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Why Obama Shouldn't Cancel His Asia Trip

Author: Joshua Kurlantzick, Senior Fellow for Southeast Asia
October 2, 2013


With the government shut down, the White House announced yesterday that the President's upcoming trip to Asia, scheduled to begin Oct. 6, will be cut short. Plans to visit Malaysia and the Philippines have been shelved for now, though Obama will still attend the annual Asia Pacific Economic Cooperation (APEC) meeting of leaders in Bali, Indonesia.

Republicans will undoubtedly accuse Obama of hitting the beach rather than resolving the budget crisis, but the President's decision to keep his commitment to APEC makes sense. Southeast Asia is increasingly critical to U.S. interests, and Obama has made the region the heart of his government's "pivot" of forces and diplomatic personnel to Asia. To make good on that goal, Obama should push forward several critical ideas that would help the region become a better market and trading partner, and that would enhance stability in Southeast Asia. It's doubtful he'll be able to accomplish anything substantive during his abbreviated trip to Bali. But in his conversations with Asian leaders, here's what he need to focus on:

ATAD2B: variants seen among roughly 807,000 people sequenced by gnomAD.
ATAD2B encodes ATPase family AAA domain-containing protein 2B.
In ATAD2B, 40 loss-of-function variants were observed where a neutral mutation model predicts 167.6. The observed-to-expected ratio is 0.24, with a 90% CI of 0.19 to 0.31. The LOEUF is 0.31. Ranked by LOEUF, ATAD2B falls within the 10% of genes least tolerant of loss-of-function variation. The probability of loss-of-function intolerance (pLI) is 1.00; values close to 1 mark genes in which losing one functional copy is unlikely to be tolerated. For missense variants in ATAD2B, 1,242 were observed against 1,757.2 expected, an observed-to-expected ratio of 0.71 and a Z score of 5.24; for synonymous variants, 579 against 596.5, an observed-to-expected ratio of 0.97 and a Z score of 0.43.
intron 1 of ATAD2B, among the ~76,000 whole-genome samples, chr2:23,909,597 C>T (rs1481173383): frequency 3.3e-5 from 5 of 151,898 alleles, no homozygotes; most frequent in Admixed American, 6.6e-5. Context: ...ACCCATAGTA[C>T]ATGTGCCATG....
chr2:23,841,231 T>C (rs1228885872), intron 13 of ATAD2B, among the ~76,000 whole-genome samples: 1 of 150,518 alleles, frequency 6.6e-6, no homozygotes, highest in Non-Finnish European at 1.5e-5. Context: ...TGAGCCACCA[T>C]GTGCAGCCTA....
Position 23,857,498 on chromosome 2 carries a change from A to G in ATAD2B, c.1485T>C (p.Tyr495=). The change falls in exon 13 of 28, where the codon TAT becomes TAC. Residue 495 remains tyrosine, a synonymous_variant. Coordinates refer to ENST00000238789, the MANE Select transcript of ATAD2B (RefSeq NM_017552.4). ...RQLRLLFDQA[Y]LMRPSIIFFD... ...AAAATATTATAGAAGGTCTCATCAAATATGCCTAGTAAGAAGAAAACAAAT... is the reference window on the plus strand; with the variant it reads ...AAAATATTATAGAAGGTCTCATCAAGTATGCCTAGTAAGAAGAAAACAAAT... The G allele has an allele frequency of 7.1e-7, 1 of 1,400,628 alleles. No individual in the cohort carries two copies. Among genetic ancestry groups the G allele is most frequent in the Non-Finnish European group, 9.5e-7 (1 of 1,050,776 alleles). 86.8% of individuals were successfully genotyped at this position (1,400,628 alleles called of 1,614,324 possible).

1. Make a Real Push for the TPP

Obama could promise the other leaders at APEC to personally push to resolve the remaining American roadblocks to the Trans-Pacific Partnership. The TPP is a region-wide free trade deal that, if the U.S. agreed to it, would be the largest free trade deal in American history.

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